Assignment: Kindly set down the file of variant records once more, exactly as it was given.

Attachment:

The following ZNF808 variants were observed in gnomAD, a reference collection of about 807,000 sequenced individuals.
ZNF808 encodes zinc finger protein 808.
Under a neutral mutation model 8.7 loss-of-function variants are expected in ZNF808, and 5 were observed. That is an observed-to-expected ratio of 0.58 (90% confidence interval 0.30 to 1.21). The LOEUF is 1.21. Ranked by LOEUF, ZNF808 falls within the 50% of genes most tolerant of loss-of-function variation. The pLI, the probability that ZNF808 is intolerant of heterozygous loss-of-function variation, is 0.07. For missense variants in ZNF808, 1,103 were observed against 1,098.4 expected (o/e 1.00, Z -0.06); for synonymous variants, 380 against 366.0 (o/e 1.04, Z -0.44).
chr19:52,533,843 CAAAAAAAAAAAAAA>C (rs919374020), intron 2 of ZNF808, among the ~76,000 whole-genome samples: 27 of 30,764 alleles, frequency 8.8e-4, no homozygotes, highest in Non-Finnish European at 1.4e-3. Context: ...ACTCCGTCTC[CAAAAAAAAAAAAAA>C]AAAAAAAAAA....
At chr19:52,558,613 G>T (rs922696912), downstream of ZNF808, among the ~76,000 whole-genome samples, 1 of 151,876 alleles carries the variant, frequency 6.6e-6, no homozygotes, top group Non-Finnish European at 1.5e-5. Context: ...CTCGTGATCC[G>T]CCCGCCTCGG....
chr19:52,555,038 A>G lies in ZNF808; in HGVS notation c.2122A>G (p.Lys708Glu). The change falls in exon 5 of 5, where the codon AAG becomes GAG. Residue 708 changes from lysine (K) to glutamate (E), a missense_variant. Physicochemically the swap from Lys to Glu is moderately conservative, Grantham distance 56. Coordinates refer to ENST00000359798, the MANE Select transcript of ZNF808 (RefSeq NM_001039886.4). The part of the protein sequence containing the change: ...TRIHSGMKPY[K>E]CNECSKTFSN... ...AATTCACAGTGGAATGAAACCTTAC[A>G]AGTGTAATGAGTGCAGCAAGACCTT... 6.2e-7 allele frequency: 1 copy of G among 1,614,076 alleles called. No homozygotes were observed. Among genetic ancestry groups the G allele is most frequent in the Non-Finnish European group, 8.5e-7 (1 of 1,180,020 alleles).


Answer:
The following ZNF808 variants were observed in gnomAD, a reference collection of about 807,000 sequenced individuals.
ZNF808 encodes zinc finger protein 808.
Under a neutral mutation model 8.7 loss-of-function variants are expected in ZNF808, and 5 were observed. That is an observed-to-expected ratio of 0.58 (90% confidence interval 0.30 to 1.21). The LOEUF is 1.21. Ranked by LOEUF, ZNF808 falls within the 50% of genes most tolerant of loss-of-function variation. The pLI, the probability that ZNF808 is intolerant of heterozygous loss-of-function variation, is 0.07. For missense variants in ZNF808, 1,103 were observed against 1,098.4 expected (o/e 1.00, Z -0.06); for synonymous variants, 380 against 366.0 (o/e 1.04, Z -0.44).
chr19:52,533,843 CAAAAAAAAAAAAAA>C (rs919374020), intron 2 of ZNF808, among the ~76,000 whole-genome samples: 27 of 30,764 alleles, frequency 8.8e-4, no homozygotes, highest in Non-Finnish European at 1.4e-3. Context: ...ACTCCGTCTC[CAAAAAAAAAAAAAA>C]AAAAAAAAAA....
At chr19:52,558,613 G>T (rs922696912), downstream of ZNF808, among the ~76,000 whole-genome samples, 1 of 151,876 alleles carries the variant, frequency 6.6e-6, no homozygotes, top group Non-Finnish European at 1.5e-5. Context: ...CTCGTGATCC[G>T]CCCGCCTCGG....
chr19:52,555,038 A>G lies in ZNF808; in HGVS notation c.2122A>G (p.Lys708Glu). The change falls in exon 5 of 5, where the codon AAG becomes GAG. Residue 708 changes from lysine (K) to glutamate (E), a missense_variant. Physicochemically the swap from Lys to Glu is moderately conservative, Grantham distance 56. Coordinates refer to ENST00000359798, the MANE Select transcript of ZNF808 (RefSeq NM_001039886.4). The part of the protein sequence containing the change: ...TRIHSGMKPY[K>E]CNECSKTFSN... ...AATTCACAGTGGAATGAAACCTTAC[A>G]AGTGTAATGAGTGCAGCAAGACCTT... 6.2e-7 allele frequency: 1 copy of G among 1,614,076 alleles called. No homozygotes were observed. Among genetic ancestry groups the G allele is most frequent in the Non-Finnish European group, 8.5e-7 (1 of 1,180,020 alleles).